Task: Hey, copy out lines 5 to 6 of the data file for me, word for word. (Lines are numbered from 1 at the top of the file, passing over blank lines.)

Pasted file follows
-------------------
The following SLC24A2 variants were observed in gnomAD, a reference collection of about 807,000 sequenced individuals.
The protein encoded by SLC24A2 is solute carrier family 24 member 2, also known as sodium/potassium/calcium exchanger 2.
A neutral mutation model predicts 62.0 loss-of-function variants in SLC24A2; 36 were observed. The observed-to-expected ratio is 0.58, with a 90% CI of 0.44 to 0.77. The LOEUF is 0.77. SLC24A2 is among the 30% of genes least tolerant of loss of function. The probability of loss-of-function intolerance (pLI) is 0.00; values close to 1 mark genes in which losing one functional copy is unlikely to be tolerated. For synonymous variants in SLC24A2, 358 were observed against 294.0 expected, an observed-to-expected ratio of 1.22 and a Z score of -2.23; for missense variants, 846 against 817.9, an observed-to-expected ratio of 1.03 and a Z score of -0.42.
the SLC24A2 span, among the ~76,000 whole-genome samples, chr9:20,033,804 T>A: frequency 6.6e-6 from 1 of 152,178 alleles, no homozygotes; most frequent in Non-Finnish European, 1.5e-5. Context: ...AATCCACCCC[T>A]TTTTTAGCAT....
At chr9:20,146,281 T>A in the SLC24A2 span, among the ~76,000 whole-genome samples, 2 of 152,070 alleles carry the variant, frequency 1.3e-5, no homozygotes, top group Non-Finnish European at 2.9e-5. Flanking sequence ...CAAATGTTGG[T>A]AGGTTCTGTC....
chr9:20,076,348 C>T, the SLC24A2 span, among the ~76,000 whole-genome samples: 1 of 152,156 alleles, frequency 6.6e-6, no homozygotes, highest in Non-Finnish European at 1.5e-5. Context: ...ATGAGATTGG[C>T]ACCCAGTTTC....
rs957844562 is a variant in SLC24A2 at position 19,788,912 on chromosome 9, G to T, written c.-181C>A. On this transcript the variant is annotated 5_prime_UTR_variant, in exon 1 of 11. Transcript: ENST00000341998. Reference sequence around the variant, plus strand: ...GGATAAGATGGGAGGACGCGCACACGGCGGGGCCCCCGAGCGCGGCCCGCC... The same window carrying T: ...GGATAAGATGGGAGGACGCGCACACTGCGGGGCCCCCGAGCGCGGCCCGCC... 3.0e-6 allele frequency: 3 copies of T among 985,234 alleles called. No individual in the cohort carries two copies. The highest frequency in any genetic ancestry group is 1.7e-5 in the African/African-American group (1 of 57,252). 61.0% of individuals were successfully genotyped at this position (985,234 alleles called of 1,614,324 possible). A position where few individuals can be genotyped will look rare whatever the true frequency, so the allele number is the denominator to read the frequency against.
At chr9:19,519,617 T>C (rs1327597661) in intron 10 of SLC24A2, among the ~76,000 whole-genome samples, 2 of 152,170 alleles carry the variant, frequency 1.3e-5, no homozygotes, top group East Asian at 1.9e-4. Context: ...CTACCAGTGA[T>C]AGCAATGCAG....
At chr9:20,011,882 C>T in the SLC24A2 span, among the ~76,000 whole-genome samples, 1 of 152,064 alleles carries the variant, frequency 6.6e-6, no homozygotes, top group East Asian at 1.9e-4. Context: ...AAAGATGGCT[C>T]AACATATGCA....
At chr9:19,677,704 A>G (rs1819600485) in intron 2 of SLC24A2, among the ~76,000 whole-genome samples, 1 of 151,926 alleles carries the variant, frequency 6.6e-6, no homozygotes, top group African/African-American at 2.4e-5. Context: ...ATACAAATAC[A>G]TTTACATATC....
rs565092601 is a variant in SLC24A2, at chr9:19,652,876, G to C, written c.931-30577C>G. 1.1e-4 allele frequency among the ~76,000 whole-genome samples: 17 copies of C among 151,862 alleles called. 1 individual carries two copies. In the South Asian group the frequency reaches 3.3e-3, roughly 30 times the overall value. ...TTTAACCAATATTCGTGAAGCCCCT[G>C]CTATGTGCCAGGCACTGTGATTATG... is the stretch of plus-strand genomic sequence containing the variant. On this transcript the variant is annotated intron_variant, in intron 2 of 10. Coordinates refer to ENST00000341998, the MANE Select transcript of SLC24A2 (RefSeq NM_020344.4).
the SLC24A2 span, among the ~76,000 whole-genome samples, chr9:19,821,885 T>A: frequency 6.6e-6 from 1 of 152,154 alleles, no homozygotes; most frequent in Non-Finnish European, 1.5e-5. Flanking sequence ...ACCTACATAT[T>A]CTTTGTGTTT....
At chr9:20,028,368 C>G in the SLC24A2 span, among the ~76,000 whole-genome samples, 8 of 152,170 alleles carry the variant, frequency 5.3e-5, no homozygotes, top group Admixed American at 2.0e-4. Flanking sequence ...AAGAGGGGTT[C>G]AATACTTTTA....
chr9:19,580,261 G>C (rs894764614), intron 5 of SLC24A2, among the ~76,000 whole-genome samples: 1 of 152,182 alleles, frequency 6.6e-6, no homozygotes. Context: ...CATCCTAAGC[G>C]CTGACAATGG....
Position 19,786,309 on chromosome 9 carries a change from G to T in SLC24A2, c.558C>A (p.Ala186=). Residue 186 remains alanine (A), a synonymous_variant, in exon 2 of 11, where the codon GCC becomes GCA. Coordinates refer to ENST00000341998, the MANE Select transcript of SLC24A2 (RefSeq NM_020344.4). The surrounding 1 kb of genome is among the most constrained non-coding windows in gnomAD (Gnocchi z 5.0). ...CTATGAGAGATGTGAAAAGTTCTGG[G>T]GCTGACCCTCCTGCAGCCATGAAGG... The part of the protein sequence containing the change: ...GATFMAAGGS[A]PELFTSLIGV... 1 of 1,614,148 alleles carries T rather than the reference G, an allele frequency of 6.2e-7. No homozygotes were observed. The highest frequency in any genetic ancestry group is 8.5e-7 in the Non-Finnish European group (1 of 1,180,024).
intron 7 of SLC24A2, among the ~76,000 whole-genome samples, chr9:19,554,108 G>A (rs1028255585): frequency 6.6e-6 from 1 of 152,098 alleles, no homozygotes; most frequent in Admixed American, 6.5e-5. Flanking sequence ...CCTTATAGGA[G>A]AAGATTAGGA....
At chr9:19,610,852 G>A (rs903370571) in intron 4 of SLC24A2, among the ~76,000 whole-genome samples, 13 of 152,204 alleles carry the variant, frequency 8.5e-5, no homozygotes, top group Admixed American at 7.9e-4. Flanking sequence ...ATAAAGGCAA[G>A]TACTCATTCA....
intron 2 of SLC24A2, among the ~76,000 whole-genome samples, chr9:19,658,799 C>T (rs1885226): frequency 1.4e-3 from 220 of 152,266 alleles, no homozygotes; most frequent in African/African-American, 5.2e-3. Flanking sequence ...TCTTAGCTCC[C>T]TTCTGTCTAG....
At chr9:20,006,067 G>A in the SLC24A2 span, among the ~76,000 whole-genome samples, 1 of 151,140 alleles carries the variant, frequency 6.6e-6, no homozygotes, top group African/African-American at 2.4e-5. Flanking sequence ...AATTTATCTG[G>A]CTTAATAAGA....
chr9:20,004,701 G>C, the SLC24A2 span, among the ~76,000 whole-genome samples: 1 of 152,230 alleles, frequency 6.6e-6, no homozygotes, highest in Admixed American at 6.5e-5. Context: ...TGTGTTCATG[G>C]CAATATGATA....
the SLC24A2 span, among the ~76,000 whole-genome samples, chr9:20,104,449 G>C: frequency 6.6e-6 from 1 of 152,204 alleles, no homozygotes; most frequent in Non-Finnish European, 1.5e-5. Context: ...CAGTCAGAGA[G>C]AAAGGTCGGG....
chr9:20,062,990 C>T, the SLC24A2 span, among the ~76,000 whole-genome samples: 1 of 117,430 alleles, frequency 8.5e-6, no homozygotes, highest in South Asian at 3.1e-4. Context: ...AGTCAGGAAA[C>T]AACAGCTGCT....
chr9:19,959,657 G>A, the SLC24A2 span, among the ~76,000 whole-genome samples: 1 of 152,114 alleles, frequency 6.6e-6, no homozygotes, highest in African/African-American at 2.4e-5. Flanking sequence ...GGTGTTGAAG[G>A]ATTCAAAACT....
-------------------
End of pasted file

At chr9:20,146,281 T>A in the SLC24A2 span, among the ~76,000 whole-genome samples, 2 of 152,070 alleles carry the variant, frequency 1.3e-5, no homozygotes, top group Non-Finnish European at 2.9e-5. Flanking sequence ...CAAATGTTGG[T>A]AGGTTCTGTC....
chr9:20,076,348 C>T, the SLC24A2 span, among the ~76,000 whole-genome samples: 1 of 152,156 alleles, frequency 6.6e-6, no homozygotes, highest in Non-Finnish European at 1.5e-5. Context: ...ATGAGATTGG[C>T]ACCCAGTTTC....